U.S. Immigration Debate


That’s a fairly motherly stance, isn’t it? How about working on the conditions so that those people might be able to take care of themselves? I suppose, if you want, you could try to take care of them all. It would be difficult though. Perhaps it would be easier if you gathered them all into large collective communities and handed out work assignments. :laughing:[/quote]

I think a nice place for such a community would be in Burnaby. And just think of all the plusses…you wouldn’t need a work visa…great Mexican food…maybe you could even learn to dance La Cucaracha!!!



What does communism have to do with anything?

As for America being the place for the tired, poor, etc. I agree. America’s immigration policy has for a long time been among the world’s most open. There have been some attempts to cut it off (such as Chinese exclusion) but ultimately the more open process has won out. The point here is that illegal (or undocumented, whichever you prefer) immigrants knowingly circumvate the process (which is why they go through the Arizona desert instead of coming through San Diego or El Paso). Unfortunately, so many of them have done so that dealing with them by the usual legal methods is no longer practical, so we have this debate.


The thing is, it’s not like blacks are denied any opportunities. As your quoted column states, some of those blacks who are unemployed are not even seeking employment. Education is free in the U.S. through high school, and yet there are those who choose not to complete it, and there are those who choose not to work hard.

On the other hand, all the Latin American immigrants I’ve ever come across have been hard-working and willing to take jobs that many Americans won’t.

Opportunities are what you make of them.

Once again, not all of those coming across the borders are “uneducated, untrained, illiterate, Spanish-speaking peasants.”


Why should the immigrants in France want to integrate into French society when their own societies are so much better?

Why should the illegal latinos integrate into U.S. society when they are going to secede and join Mexico when they have a voting majority in California, Arizona, New Mexico, and Texas?


article about a human trafficer, who says America closing their borders is good for business…not sure what to think of it.

cnn.com/2006/WORLD/americas/ … index.html




Thank you. I do hope this clears up some of the confusion.

Until we start seeing employers of these ILLEGALS doing the perp walk on the nightly MSM news the USA will continue to suffer massively from this invasion.
And by the way - the economic cost of illegals far exceeds their societal economic input.
Unless you are thinking of remittances to Ole Mexico.


So what’s wrong with getting to decide who stays in your country and who doesn’t? Abdicating that right – or “amnesty” as it’s known euphemistically – is certainly not anything any other country on earth is prepared to do to my knowledge.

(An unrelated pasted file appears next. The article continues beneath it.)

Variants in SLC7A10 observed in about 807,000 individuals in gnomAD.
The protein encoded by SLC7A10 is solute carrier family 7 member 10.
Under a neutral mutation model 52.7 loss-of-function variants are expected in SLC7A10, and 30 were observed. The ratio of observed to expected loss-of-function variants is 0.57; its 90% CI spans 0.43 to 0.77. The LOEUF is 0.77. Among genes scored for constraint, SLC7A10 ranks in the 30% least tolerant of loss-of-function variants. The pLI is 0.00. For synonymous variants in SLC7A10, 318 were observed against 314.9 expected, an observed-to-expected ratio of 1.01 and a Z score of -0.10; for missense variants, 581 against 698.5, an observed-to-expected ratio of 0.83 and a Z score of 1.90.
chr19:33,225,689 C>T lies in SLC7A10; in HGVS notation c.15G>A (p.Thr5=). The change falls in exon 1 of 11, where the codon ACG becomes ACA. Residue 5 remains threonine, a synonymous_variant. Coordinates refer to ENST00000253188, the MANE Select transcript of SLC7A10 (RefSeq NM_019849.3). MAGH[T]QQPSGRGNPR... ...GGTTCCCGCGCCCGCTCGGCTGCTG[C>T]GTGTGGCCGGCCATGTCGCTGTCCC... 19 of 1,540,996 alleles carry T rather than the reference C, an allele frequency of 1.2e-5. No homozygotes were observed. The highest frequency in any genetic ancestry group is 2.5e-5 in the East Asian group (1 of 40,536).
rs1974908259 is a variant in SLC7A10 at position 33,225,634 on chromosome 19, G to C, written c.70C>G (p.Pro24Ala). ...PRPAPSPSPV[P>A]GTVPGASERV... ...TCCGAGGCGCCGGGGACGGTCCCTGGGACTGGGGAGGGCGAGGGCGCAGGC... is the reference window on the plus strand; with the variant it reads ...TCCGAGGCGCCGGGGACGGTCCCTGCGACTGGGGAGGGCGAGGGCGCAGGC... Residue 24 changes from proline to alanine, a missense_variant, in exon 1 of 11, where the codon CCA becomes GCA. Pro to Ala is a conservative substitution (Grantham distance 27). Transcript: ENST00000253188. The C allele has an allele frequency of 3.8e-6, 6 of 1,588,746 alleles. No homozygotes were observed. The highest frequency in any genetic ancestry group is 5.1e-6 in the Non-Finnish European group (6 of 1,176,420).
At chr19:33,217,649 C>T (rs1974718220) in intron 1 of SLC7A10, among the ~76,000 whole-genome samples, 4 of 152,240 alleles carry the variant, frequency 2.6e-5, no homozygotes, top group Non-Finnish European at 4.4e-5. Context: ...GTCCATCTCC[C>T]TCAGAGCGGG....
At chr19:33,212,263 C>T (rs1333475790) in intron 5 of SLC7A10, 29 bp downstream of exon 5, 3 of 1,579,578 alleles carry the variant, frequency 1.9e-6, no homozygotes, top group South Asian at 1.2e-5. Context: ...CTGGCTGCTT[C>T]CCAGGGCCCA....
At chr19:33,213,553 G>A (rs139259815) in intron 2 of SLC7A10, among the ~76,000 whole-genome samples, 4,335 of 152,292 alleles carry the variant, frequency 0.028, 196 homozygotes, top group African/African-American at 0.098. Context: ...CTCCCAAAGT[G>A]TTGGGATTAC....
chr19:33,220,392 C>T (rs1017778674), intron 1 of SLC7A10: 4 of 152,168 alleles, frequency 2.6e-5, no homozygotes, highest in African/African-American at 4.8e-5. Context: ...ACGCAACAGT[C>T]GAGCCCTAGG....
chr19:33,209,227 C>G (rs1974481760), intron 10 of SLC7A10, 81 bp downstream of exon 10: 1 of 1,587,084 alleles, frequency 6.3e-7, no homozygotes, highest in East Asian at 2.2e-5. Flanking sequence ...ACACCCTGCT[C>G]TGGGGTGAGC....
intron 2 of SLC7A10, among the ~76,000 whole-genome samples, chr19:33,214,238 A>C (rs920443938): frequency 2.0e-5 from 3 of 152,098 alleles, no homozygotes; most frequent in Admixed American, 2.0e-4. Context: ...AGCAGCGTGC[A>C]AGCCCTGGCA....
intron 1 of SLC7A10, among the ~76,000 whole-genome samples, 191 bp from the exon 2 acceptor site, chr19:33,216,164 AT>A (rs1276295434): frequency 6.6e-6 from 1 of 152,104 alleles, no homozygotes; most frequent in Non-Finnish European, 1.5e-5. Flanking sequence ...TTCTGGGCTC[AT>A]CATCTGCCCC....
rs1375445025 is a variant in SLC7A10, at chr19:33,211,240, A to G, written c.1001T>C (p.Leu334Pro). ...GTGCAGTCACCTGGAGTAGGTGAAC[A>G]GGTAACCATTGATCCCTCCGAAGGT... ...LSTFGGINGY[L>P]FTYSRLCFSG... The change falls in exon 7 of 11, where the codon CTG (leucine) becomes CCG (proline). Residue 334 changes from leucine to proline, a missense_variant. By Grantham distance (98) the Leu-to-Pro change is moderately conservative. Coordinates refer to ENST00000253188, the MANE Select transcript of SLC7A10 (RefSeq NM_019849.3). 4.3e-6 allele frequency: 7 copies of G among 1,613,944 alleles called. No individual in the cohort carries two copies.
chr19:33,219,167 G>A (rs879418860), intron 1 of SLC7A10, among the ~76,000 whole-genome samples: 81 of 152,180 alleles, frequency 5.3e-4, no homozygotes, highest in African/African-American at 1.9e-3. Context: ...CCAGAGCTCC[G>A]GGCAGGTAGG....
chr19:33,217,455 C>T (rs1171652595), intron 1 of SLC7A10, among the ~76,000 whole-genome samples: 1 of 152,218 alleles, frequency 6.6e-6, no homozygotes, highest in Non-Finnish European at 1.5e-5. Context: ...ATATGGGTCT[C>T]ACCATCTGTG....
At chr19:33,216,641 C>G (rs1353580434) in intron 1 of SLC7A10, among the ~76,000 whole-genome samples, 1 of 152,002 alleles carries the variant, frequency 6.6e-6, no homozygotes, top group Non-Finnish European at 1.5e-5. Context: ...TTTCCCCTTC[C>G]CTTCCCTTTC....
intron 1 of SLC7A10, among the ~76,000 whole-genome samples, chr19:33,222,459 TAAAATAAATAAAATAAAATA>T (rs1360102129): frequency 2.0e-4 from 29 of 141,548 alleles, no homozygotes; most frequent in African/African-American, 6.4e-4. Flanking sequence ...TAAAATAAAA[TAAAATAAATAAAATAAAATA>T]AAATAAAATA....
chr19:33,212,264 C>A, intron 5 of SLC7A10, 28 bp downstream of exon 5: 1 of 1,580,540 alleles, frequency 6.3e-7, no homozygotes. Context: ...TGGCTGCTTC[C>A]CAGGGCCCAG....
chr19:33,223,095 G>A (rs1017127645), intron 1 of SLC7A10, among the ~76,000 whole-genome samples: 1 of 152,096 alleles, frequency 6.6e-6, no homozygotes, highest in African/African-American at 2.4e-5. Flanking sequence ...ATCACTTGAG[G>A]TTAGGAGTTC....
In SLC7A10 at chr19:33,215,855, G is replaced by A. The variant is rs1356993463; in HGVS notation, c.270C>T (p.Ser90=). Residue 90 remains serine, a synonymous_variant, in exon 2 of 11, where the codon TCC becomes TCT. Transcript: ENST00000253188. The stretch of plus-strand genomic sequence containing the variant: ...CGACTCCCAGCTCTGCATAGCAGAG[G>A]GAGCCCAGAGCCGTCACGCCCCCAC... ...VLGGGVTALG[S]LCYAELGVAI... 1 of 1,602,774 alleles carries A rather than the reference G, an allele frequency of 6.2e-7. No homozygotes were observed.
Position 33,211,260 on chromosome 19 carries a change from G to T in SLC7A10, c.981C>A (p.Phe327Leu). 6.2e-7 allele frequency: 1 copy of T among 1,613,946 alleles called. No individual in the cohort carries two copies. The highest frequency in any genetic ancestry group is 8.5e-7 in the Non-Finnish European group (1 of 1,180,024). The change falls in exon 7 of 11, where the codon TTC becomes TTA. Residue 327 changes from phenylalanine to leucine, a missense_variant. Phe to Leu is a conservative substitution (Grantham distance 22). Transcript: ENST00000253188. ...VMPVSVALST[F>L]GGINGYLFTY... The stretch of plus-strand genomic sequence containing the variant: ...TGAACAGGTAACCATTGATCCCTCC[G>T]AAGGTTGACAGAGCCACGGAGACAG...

As one who does a lot of international business, I’m increasingly frustrated with the restrictive business and residency requirements of the countries which benefit most from America’s more open policies – China, Mexico, Canada, Taiwan.


Amnesty was given before…and ldamn ittle good it did.



Why are these illegal Hispanics even being allowed to hold such brazen demonstrations?

  1. The U.S. doesn’t screw with freedom of speech (unless of course they think you’re al quaeda or something)
  2. trying to break up demonstrations that are for the most part peaceful only gets a bunch of people hurt or dead.
  3. A lot of legal immigrants were mixed in with the illegal ones and they’d never manage to sort it out.


3. A lot of legal immigrants were mixed in with the illegal ones and they’d never manage to sort it out.[/quote]

And citizens, too.


I wonder how well that would go over here in Taiwan. A bunch of us surly expats marching down the street waving American flags and demanding Taiwanese citizenship – or else.

The running guy could be the parade marshal.


Hmmm…and just how does Mexico deal with foreign investors and immigrants, legal and illegal?

centerforsecuritypolicy.org/ … _House.pdf

[quote] * Pursuant to Article 33, “Foreigners may not in any way participate in the political affairs of the country.” This ban applies, among other things, to participation in demonstrations and the expression of opinions in public about domestic politics like those much in evidence in Los Angeles, New York and elsewhere in recent days.

* Equal employment rights are denied to immigrants, even legal ones. Article 32: "Mexicans shall have priority over foreigners under equality of circumstances for all classes of concessions and for all employment, positions, or commissions of the Government in which the status of citizenship is not indispensable."

* Jobs for which Mexican citizenship is considered "indispensable" include, pursuant to Article 32, bans on foreigners, immigrants, and even naturalized citizens of Mexico serving as military officers, Mexican-flagged ship and airline crew, and chiefs of seaports and airports.

* Article 55 denies immigrants the right to become federal lawmakers. A Mexican congressman or senator must be "a Mexican citizen by birth." Article 91 further stipulates that immigrants may never aspire to become cabinet officers as they are required to be Mexican by birth. Article 95 says the same about Supreme Court justices.

  In accordance with Article 130, immigrants - even legal ones - may not become members of the clergy, either.

* Foreigners, to say nothing of illegal immigrants, are denied fundamental property rights. For example, Article 27 states, "Only Mexicans by birth or naturalization and Mexican companies have the right to acquire ownership of lands, waters, and their appurtenances, or to obtain concessions for the exploitation of mines or of waters."

* Article 11 guarantees federal protection against "undesirable aliens resident in the country." What is more, private individuals are authorized to make citizen's arrests. Article 16 states, "In cases of flagrante delicto, any person may arrest the offender and his accomplices, turning them over without delay to the nearest authorities." In other words, Mexico grants its citizens the right to arrest illegal aliens and hand them over to police for prosecution. Imagine the Minutemen exercising such a right!

* The Mexican constitution states that foreigners - not just illegal immigrants - may be expelled for any reason and without due process. According to Article 33, "the Federal Executive shall have the exclusive power to compel any foreigner whose remaining he may deem inexpedient to abandon the national territory immediately and without the necessity of previous legal action."[/quote]


Looks like this could be a very interesting day back in the US.

[quote=“Immigrants to stage boycott in US”]Immigrant workers in the United States are urging supporters to boycott their jobs on Monday in another nationwide protest over immigration reform.

Millions are expected to stay away from work and school, and avoid spending money, in an effort to show how much immigrants matter to the economy.

Called A Day Without Immigrants, the protest comes as Congress wrestles with reform of immigration laws.